• Cirieco Design - Graphic Design and Marketing Services
  • Buy the 11th edition of Know-it-all passport

Steve Long

steve long 2

Steve Long is CEO of InterSoccer, which offers football courses and holiday camps for two to 13-year-olds in Geneva, Vaud, Basel, Zug and Zurich. Steve first came to Switzerland in 2001 as an event and grassroots manager for UEFA, before co-founding InterSoccer in 2007. He loves all sports, especially football, snowboarding, tennis, golf and mountain biking. Originally from Nottingham, UK, he still supports The Mighty Reds - Nottingham Forest.

Link: www.intersoccer.ch

good coach buddy

Buddy, a veteran InterSoccer coach

By Steve Long, InterSoccer

What does it take to make a good children’s football coach? 
Gone are the days when trainers used to think it was a good idea to focus only on the children with an obvious talent, and ignore the less natural or confident players. 

Now it is accepted that a coach’s job is to ensure that every child has the opportunity to grow their skills in a supportive and encouraging environment, thereby developing into confident and well-rounded young adults, whether or not they choose to play sports beyond grassroots level.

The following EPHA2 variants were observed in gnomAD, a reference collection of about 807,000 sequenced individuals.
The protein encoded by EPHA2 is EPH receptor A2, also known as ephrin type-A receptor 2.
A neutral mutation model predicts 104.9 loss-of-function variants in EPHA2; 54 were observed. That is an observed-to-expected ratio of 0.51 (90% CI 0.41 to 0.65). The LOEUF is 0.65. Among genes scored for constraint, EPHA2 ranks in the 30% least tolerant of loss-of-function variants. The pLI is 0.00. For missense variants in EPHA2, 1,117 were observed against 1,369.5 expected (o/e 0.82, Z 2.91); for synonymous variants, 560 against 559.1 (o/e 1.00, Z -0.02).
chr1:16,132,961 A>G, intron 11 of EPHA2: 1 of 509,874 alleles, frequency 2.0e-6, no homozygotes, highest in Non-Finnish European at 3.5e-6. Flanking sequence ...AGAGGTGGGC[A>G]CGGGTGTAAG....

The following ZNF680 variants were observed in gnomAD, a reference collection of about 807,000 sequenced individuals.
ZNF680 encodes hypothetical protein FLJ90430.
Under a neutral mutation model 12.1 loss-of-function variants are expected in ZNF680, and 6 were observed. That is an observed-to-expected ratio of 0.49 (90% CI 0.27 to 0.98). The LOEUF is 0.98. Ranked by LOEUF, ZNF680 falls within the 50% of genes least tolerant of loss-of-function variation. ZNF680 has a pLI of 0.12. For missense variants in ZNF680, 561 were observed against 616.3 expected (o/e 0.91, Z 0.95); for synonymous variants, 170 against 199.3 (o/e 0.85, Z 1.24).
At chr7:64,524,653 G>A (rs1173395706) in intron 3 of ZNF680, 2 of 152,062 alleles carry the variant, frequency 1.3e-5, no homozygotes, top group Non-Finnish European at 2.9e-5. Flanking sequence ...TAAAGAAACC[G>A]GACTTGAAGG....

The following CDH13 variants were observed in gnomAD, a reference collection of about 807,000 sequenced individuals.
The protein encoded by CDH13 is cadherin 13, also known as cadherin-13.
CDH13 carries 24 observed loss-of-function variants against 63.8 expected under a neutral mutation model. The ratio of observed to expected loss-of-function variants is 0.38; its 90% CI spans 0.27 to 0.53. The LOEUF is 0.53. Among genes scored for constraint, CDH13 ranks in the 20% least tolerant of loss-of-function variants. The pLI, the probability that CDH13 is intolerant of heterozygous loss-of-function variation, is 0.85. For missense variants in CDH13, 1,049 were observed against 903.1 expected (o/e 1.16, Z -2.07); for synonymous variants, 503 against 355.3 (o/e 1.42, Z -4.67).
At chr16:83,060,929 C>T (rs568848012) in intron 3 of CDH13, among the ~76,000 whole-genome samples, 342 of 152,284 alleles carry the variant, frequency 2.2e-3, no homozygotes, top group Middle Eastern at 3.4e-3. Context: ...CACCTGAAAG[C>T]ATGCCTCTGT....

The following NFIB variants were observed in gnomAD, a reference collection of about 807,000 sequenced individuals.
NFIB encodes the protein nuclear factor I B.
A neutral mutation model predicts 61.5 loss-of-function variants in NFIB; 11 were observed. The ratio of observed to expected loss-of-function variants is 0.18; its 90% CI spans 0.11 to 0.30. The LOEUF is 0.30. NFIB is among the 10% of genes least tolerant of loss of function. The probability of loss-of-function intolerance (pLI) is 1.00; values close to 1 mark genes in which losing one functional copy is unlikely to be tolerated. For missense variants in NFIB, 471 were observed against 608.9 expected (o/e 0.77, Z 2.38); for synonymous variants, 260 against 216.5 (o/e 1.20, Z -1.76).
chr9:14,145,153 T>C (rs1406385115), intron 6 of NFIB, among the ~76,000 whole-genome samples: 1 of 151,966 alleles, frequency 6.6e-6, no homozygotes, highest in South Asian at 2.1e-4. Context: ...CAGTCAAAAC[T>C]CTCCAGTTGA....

So what does it mean to coach Generation Z?
And how can you make sure you succeed as an outstanding coach? For many people their first experience of coaching is during adolescence, helping out at their local football club or grassroots organisation where they learned to play themselves.

However, just because you know how to play football, doesn’t mean you already have the soft skills needed to teach it.

If you are just starting out, whether as a teenager or perhaps as a parent helping at your child’s school, follow these principles of coaching and you can’t go wrong.

1. Know your football. Almost as soon as they start learning to play – and sometimes beforehand– many children love to watch live matches on television with their families. Help them to learn the rules of the game by discussing what they saw next time you meet them.

2. It goes without saying that to teach football, you have to play well. If you are no longer in a team, sharpen up any rusty skills by joining a friendly five-a-side and try to remember what it felt like to believe that one day you could end up playing for your country.

3. Have the patience to teach techniques from scratch. Good teaching is being able to explain something you have done thousands of times, at the right pace for someone who has completely fresh eyes and probably needs several attempts to understand the concept.